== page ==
August 13, 1984 12:00 PM

by Jack Newcombe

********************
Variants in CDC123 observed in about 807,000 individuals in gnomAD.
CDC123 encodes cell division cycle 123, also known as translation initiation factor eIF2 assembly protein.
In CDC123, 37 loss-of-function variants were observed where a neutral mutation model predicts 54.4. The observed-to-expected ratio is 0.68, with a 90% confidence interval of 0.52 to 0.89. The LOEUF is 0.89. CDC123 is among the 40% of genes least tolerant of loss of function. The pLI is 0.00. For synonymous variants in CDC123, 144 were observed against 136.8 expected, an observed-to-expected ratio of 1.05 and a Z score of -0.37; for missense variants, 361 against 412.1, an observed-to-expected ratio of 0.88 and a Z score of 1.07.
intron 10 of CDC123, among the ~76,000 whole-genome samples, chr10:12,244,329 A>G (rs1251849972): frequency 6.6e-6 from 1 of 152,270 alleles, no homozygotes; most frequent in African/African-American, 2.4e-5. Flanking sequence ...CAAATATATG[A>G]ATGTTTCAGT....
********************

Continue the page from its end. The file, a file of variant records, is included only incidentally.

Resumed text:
The narrator of this highly original sports novel is a scout for several pro football teams. He is a former player, coach and husband (his wife has divorced him). He spends his life on the road, traveling from college to college, living in motels and old inns, befriending bartenders and waitresses, watching teams work out, seeing films of games, joking with old friends, with coaches and players, then writing reports about the best athletes—assessments to be fed into the computers back at headquarters. The focus of the scout’s attention is Billy Cole, a senior at Middlebury College in Vermont, a school not usually noted for its football talent. The brilliant quarterback and passer had spent one year at Michigan, then dropped out for a year. His last game at Middlebury is, predictably enough, the climax of this novel. But In Search of Billy Cole does not have a conventional narrative. It is really about the feelings and emotions that football arouses. On one practice field, a coach’s son throws the narrator a football: “We threw, back and forth, and I felt a rise of pleasure in rehearsing the well known: the grip, the ball behind the ear in silent communication, feet in the right direction without conscious maneuvering, arm snapped forward, even a little follow-through.” This book offers an informed view of football. (Newcombe is a former LIFE editor and now is a free-lance writer who specializes in sports.) But more than that, it is a romantic, richly sentimental paean, a fresh and imaginative way for the sport’s fans to experience the game’s unique qualities. (Arbor House, $14.95)

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